I was at a conference last week, and one of the speakers noted that the promise of genomics in drug development had not yet been realized. The implication was one of disappointment.
That brought to mind the sayings of futurist Paul Saffo. “Never mistake a clear view for a short distance.” He refers to the unexpectedly long time between the development of new technologies, and the time it takes to adequately realize their benefits. “It turns out it takes 30 years for a new idea to seep into the culture. Technology does not drive change. It is our collective response to the options and opportunities presented by technology that drives change.” Saffo says. “Because we assume adoption will be more rapid, we inevitably overestimate the short-term and under-estimate the long-term impact of new technologies.”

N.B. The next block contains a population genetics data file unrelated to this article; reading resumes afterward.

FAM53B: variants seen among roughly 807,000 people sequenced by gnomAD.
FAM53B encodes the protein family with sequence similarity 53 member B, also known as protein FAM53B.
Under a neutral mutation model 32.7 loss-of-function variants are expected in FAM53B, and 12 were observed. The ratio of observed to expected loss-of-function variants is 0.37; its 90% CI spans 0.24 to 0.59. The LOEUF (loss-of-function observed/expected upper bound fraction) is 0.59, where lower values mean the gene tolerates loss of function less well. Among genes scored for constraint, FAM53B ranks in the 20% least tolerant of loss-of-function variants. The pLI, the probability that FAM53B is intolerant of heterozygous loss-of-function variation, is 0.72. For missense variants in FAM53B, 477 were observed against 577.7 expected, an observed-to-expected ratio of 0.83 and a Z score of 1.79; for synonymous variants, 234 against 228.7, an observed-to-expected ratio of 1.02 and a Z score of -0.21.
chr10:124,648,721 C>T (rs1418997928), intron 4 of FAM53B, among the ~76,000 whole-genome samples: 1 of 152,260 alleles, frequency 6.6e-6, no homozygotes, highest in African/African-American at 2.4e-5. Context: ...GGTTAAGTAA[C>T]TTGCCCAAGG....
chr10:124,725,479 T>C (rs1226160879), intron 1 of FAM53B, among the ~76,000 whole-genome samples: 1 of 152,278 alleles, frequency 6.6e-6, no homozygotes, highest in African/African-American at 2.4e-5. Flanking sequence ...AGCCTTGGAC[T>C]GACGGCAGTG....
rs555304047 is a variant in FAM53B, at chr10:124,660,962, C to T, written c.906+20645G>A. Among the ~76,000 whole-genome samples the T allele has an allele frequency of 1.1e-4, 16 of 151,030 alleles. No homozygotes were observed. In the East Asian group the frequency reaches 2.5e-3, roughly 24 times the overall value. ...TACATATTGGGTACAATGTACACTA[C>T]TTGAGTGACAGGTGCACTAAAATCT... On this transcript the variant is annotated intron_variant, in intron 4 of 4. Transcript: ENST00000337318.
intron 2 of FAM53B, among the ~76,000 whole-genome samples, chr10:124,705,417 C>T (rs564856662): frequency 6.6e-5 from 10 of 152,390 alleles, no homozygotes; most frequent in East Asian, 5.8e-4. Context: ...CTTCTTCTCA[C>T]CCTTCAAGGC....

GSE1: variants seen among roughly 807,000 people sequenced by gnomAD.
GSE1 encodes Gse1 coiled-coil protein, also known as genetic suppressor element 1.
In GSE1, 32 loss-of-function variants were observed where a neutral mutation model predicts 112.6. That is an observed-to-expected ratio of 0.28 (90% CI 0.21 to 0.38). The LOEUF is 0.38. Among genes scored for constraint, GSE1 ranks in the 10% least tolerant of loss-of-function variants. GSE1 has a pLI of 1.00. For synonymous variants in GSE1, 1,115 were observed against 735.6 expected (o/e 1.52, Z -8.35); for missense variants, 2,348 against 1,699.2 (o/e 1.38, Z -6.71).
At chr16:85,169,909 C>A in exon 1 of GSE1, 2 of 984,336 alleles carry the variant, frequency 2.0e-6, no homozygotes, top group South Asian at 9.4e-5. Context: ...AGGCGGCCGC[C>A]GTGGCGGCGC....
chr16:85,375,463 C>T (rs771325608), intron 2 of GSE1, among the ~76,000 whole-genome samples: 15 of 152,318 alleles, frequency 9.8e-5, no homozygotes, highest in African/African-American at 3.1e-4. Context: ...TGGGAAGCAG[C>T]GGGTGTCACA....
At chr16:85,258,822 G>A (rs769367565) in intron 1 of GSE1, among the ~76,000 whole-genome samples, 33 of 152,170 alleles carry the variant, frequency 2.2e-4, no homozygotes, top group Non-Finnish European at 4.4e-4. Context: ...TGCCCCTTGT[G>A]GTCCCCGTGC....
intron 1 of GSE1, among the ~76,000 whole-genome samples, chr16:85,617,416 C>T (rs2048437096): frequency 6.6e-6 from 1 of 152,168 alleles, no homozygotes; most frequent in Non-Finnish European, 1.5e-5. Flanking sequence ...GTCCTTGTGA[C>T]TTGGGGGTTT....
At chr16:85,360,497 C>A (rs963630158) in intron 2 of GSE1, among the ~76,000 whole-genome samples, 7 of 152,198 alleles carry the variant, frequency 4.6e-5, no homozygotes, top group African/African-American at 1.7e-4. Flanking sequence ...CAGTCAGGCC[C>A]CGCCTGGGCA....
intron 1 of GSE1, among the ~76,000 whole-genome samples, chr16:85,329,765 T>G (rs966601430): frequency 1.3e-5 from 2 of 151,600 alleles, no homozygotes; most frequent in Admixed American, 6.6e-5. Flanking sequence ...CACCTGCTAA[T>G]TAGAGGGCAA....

The promise of genomics is being realized, but the impacts we can see directly at present are in testing and assays – take for example the use of genetic testing to determine the likelihood of a women’s positive response to tamoxifen for treating breast cancer.
And a few drugs are coming on the market. Look at Benlysta, a new treatment for lupus, from Human Genome of Rockville, MD, or telaprevir from Vertex for hepatitis C.
In the words of the author William Gibson, “The future has arrived; it’s just not evenly distributed.”